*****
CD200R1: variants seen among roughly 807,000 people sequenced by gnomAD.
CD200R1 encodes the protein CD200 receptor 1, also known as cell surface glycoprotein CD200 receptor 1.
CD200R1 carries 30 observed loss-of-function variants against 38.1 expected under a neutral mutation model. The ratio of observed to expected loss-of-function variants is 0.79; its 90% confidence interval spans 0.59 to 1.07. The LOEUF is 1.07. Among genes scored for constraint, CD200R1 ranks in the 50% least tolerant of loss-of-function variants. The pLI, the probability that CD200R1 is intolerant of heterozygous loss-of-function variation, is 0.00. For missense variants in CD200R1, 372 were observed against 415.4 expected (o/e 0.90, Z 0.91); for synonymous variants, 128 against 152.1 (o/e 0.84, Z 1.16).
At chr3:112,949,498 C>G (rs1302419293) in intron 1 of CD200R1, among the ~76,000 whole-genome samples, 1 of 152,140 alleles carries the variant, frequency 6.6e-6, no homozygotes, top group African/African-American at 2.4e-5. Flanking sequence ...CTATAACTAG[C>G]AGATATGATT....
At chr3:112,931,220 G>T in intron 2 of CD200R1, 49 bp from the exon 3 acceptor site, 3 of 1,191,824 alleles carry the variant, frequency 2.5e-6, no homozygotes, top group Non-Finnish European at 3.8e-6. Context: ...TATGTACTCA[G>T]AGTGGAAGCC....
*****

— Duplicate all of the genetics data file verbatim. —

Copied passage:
CD200R1: variants seen among roughly 807,000 people sequenced by gnomAD.
CD200R1 encodes the protein CD200 receptor 1, also known as cell surface glycoprotein CD200 receptor 1.
CD200R1 carries 30 observed loss-of-function variants against 38.1 expected under a neutral mutation model. The ratio of observed to expected loss-of-function variants is 0.79; its 90% confidence interval spans 0.59 to 1.07. The LOEUF is 1.07. Among genes scored for constraint, CD200R1 ranks in the 50% least tolerant of loss-of-function variants. The pLI, the probability that CD200R1 is intolerant of heterozygous loss-of-function variation, is 0.00. For missense variants in CD200R1, 372 were observed against 415.4 expected (o/e 0.90, Z 0.91); for synonymous variants, 128 against 152.1 (o/e 0.84, Z 1.16).
At chr3:112,949,498 C>G (rs1302419293) in intron 1 of CD200R1, among the ~76,000 whole-genome samples, 1 of 152,140 alleles carries the variant, frequency 6.6e-6, no homozygotes, top group African/African-American at 2.4e-5. Flanking sequence ...CTATAACTAG[C>G]AGATATGATT....
At chr3:112,931,220 G>T in intron 2 of CD200R1, 49 bp from the exon 3 acceptor site, 3 of 1,191,824 alleles carry the variant, frequency 2.5e-6, no homozygotes, top group Non-Finnish European at 3.8e-6. Context: ...TATGTACTCA[G>T]AGTGGAAGCC....